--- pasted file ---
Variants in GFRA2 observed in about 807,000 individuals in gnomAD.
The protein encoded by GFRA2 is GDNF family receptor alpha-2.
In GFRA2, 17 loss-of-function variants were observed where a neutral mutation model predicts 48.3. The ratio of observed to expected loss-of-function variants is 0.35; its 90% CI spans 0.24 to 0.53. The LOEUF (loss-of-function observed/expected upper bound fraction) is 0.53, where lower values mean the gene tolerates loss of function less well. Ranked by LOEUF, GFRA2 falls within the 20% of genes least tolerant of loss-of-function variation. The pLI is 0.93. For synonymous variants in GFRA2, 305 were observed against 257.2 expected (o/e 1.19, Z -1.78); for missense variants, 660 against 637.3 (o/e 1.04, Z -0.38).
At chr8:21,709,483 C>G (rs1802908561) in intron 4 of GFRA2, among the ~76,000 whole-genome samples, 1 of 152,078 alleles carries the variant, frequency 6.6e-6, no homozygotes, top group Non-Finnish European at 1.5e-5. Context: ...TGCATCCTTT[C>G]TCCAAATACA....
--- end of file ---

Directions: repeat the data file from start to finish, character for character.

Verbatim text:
Variants in GFRA2 observed in about 807,000 individuals in gnomAD.
The protein encoded by GFRA2 is GDNF family receptor alpha-2.
In GFRA2, 17 loss-of-function variants were observed where a neutral mutation model predicts 48.3. The ratio of observed to expected loss-of-function variants is 0.35; its 90% CI spans 0.24 to 0.53. The LOEUF (loss-of-function observed/expected upper bound fraction) is 0.53, where lower values mean the gene tolerates loss of function less well. Ranked by LOEUF, GFRA2 falls within the 20% of genes least tolerant of loss-of-function variation. The pLI is 0.93. For synonymous variants in GFRA2, 305 were observed against 257.2 expected (o/e 1.19, Z -1.78); for missense variants, 660 against 637.3 (o/e 1.04, Z -0.38).
At chr8:21,709,483 C>G (rs1802908561) in intron 4 of GFRA2, among the ~76,000 whole-genome samples, 1 of 152,078 alleles carries the variant, frequency 6.6e-6, no homozygotes, top group Non-Finnish European at 1.5e-5. Context: ...TGCATCCTTT[C>G]TCCAAATACA....